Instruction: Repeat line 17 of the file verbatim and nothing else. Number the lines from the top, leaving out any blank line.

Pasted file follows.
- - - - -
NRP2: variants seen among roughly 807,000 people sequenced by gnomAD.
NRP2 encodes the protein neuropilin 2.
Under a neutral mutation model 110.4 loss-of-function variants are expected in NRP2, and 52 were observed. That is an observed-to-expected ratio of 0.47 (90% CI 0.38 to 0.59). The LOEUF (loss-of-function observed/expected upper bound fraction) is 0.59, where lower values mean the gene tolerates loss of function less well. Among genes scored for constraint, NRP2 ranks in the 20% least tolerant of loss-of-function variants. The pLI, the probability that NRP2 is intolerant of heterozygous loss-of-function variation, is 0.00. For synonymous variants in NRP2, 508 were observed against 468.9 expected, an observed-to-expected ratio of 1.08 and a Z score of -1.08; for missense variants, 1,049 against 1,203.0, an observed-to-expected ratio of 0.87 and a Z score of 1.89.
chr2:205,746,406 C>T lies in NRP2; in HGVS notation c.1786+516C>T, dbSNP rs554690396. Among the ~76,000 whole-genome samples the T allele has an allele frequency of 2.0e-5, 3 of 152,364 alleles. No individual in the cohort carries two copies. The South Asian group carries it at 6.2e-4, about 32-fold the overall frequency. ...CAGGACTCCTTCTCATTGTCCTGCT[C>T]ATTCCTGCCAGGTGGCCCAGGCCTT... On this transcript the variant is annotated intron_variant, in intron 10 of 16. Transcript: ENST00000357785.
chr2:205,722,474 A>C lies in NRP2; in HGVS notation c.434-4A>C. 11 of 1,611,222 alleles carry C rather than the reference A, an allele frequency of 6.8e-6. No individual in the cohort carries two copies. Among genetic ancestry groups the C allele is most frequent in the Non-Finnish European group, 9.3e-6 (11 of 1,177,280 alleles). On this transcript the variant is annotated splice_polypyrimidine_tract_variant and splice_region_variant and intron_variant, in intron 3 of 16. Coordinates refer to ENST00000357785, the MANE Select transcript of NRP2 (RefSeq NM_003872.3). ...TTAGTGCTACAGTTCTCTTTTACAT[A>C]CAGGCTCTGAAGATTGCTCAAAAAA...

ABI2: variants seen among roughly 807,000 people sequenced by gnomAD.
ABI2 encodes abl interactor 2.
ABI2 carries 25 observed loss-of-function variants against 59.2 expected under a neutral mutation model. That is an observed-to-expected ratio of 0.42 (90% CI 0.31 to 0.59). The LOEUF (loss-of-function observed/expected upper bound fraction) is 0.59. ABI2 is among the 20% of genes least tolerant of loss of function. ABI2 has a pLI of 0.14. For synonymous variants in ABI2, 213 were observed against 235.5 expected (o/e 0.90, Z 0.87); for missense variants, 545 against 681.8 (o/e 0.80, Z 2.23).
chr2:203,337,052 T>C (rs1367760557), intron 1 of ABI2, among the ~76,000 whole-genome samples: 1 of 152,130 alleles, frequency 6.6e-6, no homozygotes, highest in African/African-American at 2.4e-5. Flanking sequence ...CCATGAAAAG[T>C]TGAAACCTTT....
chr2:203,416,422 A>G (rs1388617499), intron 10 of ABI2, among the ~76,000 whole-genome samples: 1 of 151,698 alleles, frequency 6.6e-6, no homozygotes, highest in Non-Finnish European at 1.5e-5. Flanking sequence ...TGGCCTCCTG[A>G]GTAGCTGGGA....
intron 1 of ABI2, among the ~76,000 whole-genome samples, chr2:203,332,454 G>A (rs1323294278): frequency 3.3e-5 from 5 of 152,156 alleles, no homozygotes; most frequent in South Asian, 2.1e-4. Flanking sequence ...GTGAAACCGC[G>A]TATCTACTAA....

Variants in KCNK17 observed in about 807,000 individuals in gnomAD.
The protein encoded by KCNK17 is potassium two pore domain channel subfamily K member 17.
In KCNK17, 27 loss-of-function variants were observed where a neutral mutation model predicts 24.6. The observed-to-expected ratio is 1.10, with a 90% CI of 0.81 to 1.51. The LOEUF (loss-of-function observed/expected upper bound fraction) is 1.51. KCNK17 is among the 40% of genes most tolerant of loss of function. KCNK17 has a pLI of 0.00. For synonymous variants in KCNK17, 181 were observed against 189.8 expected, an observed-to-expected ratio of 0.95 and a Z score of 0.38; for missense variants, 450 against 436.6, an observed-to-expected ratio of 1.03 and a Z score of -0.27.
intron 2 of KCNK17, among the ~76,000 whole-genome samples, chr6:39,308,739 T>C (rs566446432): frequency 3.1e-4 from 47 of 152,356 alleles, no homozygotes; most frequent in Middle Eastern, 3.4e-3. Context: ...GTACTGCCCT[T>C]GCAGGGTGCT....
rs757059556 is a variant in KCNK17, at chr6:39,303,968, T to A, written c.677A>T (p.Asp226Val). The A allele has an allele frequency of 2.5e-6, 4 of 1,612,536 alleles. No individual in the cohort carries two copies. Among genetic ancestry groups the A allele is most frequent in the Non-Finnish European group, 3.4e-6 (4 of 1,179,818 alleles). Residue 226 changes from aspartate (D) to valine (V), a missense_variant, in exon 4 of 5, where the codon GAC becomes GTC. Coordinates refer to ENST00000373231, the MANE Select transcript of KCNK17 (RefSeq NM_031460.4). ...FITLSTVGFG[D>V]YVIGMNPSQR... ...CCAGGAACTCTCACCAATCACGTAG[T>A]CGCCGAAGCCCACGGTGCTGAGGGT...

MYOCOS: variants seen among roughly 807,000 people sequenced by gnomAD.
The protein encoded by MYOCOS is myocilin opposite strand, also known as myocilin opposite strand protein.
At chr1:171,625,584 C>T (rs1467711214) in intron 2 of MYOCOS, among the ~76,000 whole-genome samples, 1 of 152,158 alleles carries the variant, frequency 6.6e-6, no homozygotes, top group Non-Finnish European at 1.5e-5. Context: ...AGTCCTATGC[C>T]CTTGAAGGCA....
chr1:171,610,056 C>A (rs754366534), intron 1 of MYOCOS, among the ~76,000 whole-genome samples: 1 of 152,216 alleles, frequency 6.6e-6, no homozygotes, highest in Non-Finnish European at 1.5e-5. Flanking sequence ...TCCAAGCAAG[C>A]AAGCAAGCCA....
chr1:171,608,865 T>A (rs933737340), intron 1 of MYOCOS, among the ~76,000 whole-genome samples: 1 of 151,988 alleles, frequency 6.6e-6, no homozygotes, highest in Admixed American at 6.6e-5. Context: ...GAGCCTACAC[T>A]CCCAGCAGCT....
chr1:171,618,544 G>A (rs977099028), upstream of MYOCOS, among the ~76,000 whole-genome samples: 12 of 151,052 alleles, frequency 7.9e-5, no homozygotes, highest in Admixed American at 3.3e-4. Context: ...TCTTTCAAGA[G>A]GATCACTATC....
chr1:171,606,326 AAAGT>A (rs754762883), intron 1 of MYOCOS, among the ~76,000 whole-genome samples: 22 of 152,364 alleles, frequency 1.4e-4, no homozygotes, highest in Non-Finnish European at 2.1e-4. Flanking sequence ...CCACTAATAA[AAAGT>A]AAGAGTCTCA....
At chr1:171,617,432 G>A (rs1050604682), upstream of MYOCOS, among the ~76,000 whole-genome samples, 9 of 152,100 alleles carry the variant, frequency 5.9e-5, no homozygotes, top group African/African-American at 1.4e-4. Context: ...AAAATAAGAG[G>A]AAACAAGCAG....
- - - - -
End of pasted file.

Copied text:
MYOCOS: variants seen among roughly 807,000 people sequenced by gnomAD.